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Data and analytics initiatives may underpin every digital transformation initiative, but can these programs be trusted? A new survey from KPMG shows that even those running the programs don’t always trust them.
Data and analytics initiatives may be a central part of digital business transformations, but that doesn’t mean that top executives trust these efforts, even within their own organizations.
A new report commissioned by KPMG and conducted by Forrester Consulting finds that nearly half (49%) of data professionals surveyed said that they believe their C-level executives don’t fully support their organizations’ data and analytics strategies.
That finding marks a disconnect between the thinking that calls for investment in data and analytics, which KPMG says is “now central to business decision making,” and what KPMG says are “significant questions [that] are starting to emerge about the trust that we place in the data, the analytics, and the controls that underwrite this new way of making decisions.”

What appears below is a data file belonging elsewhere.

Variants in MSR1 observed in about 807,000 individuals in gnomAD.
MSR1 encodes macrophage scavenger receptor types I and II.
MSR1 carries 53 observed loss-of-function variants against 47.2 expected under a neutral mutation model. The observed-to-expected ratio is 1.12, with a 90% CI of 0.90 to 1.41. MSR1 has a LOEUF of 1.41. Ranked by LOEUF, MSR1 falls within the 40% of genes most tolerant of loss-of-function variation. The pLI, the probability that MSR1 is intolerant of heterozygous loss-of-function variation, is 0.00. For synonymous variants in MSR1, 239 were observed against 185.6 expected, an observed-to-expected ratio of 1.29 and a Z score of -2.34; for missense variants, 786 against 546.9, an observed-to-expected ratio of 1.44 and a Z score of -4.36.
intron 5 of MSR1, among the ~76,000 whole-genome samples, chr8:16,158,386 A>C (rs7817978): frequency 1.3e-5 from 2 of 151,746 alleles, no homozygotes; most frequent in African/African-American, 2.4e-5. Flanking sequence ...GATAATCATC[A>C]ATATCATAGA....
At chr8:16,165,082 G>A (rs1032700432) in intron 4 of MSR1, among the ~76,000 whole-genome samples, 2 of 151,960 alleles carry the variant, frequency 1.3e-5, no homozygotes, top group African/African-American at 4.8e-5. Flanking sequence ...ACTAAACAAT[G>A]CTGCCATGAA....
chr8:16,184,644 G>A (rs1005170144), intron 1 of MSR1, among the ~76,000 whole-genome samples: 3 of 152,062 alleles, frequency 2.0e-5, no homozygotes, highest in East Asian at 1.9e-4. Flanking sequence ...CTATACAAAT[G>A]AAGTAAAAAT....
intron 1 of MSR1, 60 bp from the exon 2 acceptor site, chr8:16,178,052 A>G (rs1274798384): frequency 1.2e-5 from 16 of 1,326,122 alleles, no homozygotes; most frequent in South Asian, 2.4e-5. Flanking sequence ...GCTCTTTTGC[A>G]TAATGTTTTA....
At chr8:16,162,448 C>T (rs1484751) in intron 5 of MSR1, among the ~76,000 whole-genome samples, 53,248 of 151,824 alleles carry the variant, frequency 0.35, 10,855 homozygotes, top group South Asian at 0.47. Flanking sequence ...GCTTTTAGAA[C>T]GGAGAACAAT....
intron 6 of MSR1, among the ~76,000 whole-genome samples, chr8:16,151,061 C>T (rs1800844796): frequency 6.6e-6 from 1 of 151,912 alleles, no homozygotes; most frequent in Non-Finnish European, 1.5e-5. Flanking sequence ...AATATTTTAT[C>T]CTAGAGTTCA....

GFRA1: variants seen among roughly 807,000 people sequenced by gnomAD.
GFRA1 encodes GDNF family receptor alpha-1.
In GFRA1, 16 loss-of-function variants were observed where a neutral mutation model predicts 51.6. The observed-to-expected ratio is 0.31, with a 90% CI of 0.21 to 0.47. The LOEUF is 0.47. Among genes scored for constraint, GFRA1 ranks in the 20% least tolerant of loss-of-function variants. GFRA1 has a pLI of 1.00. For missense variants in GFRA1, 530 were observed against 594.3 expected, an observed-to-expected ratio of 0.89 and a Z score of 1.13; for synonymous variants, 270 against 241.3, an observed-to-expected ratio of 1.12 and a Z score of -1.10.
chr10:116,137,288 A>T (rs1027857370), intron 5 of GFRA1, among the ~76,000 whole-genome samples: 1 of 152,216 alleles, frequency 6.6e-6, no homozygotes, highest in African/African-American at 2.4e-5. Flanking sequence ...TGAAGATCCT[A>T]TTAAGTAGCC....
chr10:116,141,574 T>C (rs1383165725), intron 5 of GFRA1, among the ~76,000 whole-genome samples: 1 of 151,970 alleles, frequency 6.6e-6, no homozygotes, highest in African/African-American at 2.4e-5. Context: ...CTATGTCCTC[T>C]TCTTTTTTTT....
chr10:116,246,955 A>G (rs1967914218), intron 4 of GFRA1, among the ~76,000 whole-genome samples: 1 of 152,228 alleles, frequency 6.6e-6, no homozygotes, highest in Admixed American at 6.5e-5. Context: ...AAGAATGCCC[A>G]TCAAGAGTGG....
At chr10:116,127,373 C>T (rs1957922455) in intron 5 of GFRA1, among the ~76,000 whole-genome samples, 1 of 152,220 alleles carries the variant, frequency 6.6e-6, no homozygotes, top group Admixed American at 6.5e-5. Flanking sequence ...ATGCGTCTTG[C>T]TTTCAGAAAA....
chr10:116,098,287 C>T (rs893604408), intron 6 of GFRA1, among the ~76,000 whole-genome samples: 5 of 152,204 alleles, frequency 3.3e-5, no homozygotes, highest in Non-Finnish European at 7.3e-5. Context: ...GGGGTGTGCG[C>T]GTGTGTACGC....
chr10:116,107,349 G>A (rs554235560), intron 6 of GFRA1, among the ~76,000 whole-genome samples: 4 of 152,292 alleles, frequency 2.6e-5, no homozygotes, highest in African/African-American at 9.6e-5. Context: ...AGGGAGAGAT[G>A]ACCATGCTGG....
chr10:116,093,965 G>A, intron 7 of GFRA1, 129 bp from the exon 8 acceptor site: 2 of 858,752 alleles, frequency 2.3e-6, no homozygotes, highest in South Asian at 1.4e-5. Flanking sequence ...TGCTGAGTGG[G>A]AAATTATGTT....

Organizations don’t trust their analytics because they don’t understand them, Nadia Zahawi, director of global data and analytics for KPMG in the UK, told InformationWeek in an interview. Data and analytics often reside inside a “black box,” where the data goes in and the insights come out, but stakeholders don’t see the process that happens inside.
Stakeholders tend to have more trust in the data at the beginning of the process, before analytics are applied, Zahawi said.
Yet data and analytics are essential, according to the survey results. A full 70% of respondents said that data and analytics (D&A) are integral for understanding how products are used, and 69% said D&A are integral for understanding existing customers. Some 67% said that D&A are key for understanding what new products and services to develop.[It’s hard to know who to trust these days. Get help by reading Can You Trust Your Cloud Vendors’ Employees?]
Respondents also said that data and analytics were essential for understanding internal business processes, giving insights regarding: business performance (cited by 71%), how to drive process and cost efficiency (68%), and how to drive strategy and change (70%).
Data and analytics were also crucial for managing risk and compliance, preventing problems such as fraud (cited by 70%), business risks (67%), and compliance with regulations (70%).